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Protesters stand with a sign asking Cornell to remove Starbucks from campus. There is also a man with a bullhorn.

Cornell students protested the campus’s partnership with Starbucks in May.

Danielle Donovan

Generation Z isn’t happy with Starbucks’ labor practices, and some college students are showing their displeasure by doing more than just skipping their morning cold brew—they’re actively trying to get Starbucks-branded cafes removed from their campuses. 

Student activists at more than 50 universities across the country are pushing administrators to end contracts with the Seattle-based coffee chain in protest of the company’s response to employee unionization. Starbucks workers began organizing in late 2021 in the hopes of receiving higher wages, better benefits and more security for those benefits. Since then, the National Labor Relations Board has accused Starbucks of hundreds of labor-rights violations, including firing pro-union employees and shutting down unionized locations. Starbucks, once known for its progressive politics and above-average benefits, has denied store closures or firings had anything to do with unionization efforts.

One group of activists has already succeeded in their mission: students at Cornell University received official word from President Martha E. Pollack in August that the Ivy League institution will not renew its contract with Starbucks when it comes up in 2025.

The activists, many of whom are or once were Starbucks baristas themselves, first launched a campaign supporting that goal in May. The campaign included giving out coffee in front of a campus Starbucks to raise awareness for the cause—and solicit donations to support striking baristas at other Starbucks locations in town—and holding a two-day sit-in at Day Hall, Cornell’s administrative building. Cornell’s Student Assembly also passed a resolution asking the institution to cut ties with the coffee giant.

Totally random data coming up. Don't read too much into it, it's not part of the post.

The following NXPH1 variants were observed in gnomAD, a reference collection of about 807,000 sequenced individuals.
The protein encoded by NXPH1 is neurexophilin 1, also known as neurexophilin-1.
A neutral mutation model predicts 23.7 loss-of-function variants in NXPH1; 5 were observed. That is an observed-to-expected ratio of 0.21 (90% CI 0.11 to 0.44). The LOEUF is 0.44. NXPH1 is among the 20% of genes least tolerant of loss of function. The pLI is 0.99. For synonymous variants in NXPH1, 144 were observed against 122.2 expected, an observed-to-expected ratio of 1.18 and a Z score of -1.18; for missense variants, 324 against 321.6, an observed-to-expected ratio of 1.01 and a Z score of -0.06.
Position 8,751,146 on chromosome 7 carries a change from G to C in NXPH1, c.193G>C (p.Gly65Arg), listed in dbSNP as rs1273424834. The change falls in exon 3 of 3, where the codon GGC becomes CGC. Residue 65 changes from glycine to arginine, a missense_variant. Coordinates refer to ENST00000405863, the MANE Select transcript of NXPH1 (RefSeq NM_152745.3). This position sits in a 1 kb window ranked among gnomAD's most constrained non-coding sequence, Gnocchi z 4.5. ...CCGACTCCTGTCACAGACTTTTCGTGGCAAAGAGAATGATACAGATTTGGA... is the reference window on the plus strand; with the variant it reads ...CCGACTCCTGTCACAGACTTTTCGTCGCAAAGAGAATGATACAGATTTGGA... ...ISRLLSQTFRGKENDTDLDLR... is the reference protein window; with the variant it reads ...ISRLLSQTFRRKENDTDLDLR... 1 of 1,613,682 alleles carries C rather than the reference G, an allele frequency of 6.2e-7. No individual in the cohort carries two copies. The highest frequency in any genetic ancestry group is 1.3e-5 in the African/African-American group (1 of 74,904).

The issue was particularly close to the hearts of the Cornell community, according to Nick Wilson, a student and former Starbucks worker: Ithaca, N.Y., where the university is located, was the first town in America in which every Starbucks store unionized—except the one on campus. (In on-campus Starbucks cafes, employees typically work for the university, not for Starbucks itself.)

The company subsequently shut down the three other Ithaca locations, though the NLRB has ordered it to reopen one and reinstate its workers. Starbucks appealed that ruling, and the legal battle over all three stores is ongoing.

Student Danielle Donovan said Cornell administrators didn’t initially seem aware of Starbucks’s labor practices, even though the store closures impacted about 20 students who worked at the off-campus locations.

“But they did keep their promise of a meeting [with activists] and doing their research on what happened,” she said.

Ultimately, she believes that once administrators learned of Starbucks’s alleged antiunion retaliation, they grew to understand the activists’ position.

“I greatly appreciate the [Student Assembly’s] concerns and perspective regarding Cornell’s relationship with Starbucks Coffee Company,” Pollack wrote in May in response to the student government’s resolution. “Cornell supports fair labor practices in compliance with federal and New York State law, and our School of Industrial and Labor Relations is the preeminent educational institution in the world focused on improving the lives of workers.”

She went on to say the university would begin reviewing its contract with Starbucks and considering new vendors by fall 2024—almost a full year before the contract is scheduled to expire. The official announcement that the contract would not be renewed came in August.

In an emailed statement to Inside Higher Ed, Starbucks denied activists’ characterization of the company as vehemently antiunion.

“Despite mischaracterizations by Workers United and their absence at more than 300 bargaining tables, Starbucks has progressed negotiations with unions that prioritize those they represent,” a spokesperson wrote.

Hometown Blues